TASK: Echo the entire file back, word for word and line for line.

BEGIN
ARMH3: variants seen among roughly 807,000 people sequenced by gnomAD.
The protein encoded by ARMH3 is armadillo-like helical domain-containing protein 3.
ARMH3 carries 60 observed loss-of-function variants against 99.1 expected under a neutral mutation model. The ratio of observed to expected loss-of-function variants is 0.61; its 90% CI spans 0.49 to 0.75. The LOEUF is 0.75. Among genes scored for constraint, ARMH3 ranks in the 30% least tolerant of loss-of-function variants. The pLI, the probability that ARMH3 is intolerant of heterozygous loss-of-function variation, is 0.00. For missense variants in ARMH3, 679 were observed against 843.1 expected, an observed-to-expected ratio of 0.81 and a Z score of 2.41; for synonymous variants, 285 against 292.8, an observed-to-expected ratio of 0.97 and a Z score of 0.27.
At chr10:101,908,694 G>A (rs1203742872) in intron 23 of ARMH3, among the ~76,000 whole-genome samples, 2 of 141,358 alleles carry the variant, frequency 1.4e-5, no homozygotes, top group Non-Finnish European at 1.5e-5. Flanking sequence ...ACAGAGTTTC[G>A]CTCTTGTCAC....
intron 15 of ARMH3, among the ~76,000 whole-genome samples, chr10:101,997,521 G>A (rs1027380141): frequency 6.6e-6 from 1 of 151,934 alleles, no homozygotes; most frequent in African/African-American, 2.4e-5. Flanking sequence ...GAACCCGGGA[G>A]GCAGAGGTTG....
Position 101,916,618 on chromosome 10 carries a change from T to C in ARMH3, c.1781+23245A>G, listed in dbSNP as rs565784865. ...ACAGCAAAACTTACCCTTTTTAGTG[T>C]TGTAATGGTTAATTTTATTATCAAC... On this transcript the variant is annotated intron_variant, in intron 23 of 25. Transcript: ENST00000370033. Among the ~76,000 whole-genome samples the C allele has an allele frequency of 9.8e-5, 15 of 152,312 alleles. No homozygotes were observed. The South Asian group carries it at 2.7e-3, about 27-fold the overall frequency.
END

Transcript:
ARMH3: variants seen among roughly 807,000 people sequenced by gnomAD.
The protein encoded by ARMH3 is armadillo-like helical domain-containing protein 3.
ARMH3 carries 60 observed loss-of-function variants against 99.1 expected under a neutral mutation model. The ratio of observed to expected loss-of-function variants is 0.61; its 90% CI spans 0.49 to 0.75. The LOEUF is 0.75. Among genes scored for constraint, ARMH3 ranks in the 30% least tolerant of loss-of-function variants. The pLI, the probability that ARMH3 is intolerant of heterozygous loss-of-function variation, is 0.00. For missense variants in ARMH3, 679 were observed against 843.1 expected, an observed-to-expected ratio of 0.81 and a Z score of 2.41; for synonymous variants, 285 against 292.8, an observed-to-expected ratio of 0.97 and a Z score of 0.27.
At chr10:101,908,694 G>A (rs1203742872) in intron 23 of ARMH3, among the ~76,000 whole-genome samples, 2 of 141,358 alleles carry the variant, frequency 1.4e-5, no homozygotes, top group Non-Finnish European at 1.5e-5. Flanking sequence ...ACAGAGTTTC[G>A]CTCTTGTCAC....
intron 15 of ARMH3, among the ~76,000 whole-genome samples, chr10:101,997,521 G>A (rs1027380141): frequency 6.6e-6 from 1 of 151,934 alleles, no homozygotes; most frequent in African/African-American, 2.4e-5. Flanking sequence ...GAACCCGGGA[G>A]GCAGAGGTTG....
Position 101,916,618 on chromosome 10 carries a change from T to C in ARMH3, c.1781+23245A>G, listed in dbSNP as rs565784865. ...ACAGCAAAACTTACCCTTTTTAGTG[T>C]TGTAATGGTTAATTTTATTATCAAC... On this transcript the variant is annotated intron_variant, in intron 23 of 25. Transcript: ENST00000370033. Among the ~76,000 whole-genome samples the C allele has an allele frequency of 9.8e-5, 15 of 152,312 alleles. No homozygotes were observed. The South Asian group carries it at 2.7e-3, about 27-fold the overall frequency.